When we returned to campus, I reflected on our support for the military community. This year alone, UTSA will offer through the Hazlewood Act more than $10 million in tuition exemptions to the spouses and dependents of veterans.

This is one of the highest levels of assistance in the nation. It is this degree of support to veterans and their families that earned us our fifth consecutive award from Victory Media as one of the nation’s top Military Friendly Schools.

UTSA was selected for “doing the most to embrace military students and to dedicate resources to ensure their success in the classroom and after graduation.” At UTSA we have many offices and organizations working with our more than 3,000 veterans and their dependents.

As recognition of all that UTSA is doing for veterans, the Department of the Army presented me last month with its Outstanding Civilian Service medal. In my lifetime, I have not received a greater honor. It is meaningful for many reasons.

My dad enlisted in the Army after the Pearl Harbor attack and served his country in the Pacific Theater. He was proud of his Army training and credits the armed services for helping him develop leadership and organization skills.

I come from a family with a proud military tradition. Traditions are important.

Let me talk for a moment about UTSA traditions.

To me they’re just as important as academic excellence. Traditions link students, faculty, staff and alumni. They define what it means to be a Roadrunner.

With the start of football, we began several exciting new traditions. The new Rowdy icon originated with the football program. Our previous Rowdy was too nice and friendly looking. We needed a tougher, meaner looking Rowdy that would intimidate our opponents.

At the same time, we founded the Spirit of San Antonio, our marching band. This year SOSA has more than 220 members and their superb music and marching have also contributed to a greater sense of school spirit. This summer, our band traveled to Normandy, France to help celebrate the 70th anniversary of D-Day. They were the only American collegiate band selected.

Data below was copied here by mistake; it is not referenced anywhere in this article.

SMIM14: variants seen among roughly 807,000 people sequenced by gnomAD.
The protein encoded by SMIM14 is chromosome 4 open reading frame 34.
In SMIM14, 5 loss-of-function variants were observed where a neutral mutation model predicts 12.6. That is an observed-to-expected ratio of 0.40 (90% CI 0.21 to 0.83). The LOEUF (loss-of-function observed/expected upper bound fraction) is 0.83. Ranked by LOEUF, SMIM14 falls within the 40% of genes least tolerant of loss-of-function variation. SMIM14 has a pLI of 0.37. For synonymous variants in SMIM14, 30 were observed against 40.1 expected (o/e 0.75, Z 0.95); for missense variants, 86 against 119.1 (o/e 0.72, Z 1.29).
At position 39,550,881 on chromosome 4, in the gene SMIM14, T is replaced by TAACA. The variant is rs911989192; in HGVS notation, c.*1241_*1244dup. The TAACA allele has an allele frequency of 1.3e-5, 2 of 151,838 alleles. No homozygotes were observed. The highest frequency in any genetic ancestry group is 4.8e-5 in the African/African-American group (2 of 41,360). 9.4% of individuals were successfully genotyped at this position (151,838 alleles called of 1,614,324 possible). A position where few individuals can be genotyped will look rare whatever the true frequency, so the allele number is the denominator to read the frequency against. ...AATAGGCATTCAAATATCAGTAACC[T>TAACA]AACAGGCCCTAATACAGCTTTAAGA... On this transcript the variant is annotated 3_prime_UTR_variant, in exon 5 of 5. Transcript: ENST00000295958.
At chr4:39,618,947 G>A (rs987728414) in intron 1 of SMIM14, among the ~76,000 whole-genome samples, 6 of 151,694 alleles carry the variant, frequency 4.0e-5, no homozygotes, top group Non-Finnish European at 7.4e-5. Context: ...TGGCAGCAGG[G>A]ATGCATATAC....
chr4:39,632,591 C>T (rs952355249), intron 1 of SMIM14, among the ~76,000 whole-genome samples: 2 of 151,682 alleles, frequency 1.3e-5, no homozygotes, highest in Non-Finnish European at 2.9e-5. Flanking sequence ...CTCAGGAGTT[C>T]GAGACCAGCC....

UTSA students have also found innovative opportunities to engage more fully in the college experience. For example, a few days before this fall’s school year began, students gathered at midnight to witness the inaugural orange and blue lighting of the monuments at the entrance of the campus. While I had proposed that we turn on the lights at 8 or 9 pm, the powerful voices of students lobbied for a midnight lighting. Joined by the SOSA band and some 1,500 students gathered in a very festive atmosphere, we started a brand new tradition — yes, at midnight.

Our students know how important tradition is. You see it in the colors they wear on game day. You feel it in the stands at the Alamodome and the Convocation Center. You hear it at halftime when the Spirit of San Antonio takes the field.

We spend Saturdays together at football games. We touch the water at Sombrilla Fountain to get good grades. We just brought Rowdy home, and the new tradition of rubbing his feet for luck was born.

Traditions are an important part of our 45-year history. Whether it’s a new tradition, discovery, idea, insight or invention… we make history every day.

And that is what keeps me motivated each and every day, knowing that UTSA is a great university.

Our faculty, our staff, our students, our alumni, and our community make it that way.

Our challenge now is to make it even greater. We have come a long way in the past 45 years…many victories, many milestones reached, many successes, and yet, we have so much more to accomplish together before we reach 50.

We need each of you to help move UTSA forward….to build that university of excellence that our students deserve and that our community needs…..

It’s been a great 45 years. And I truly believe that the BEST is yet to come. Thank you for all you do. Go ‘Runners.

*Featured/top image: File photo from the 2013 UTSA commencement ceremony. Courtesy of UTSA.

Related Stories:

Going Digital: UTSA Library Encourages Collaboration

UTSA Center Incubating Innovation

UTSA’s Cybersecurity Program Attracting Attention, Generating Jobs

Greehey Institute Receives $3.7 Million Cancer Grant

A&M-SA Celebrates Ferrier and New Building

For 23rd Year, Trinity University No. 1 in the West

Ricardo Romo

Outgoing UTSA President Ricardo Romo is a San Antonio native who grew up on the city's Westside, Romo graduated from Fox Tech High School before attending the University of Texas at Austin on a track scholarship....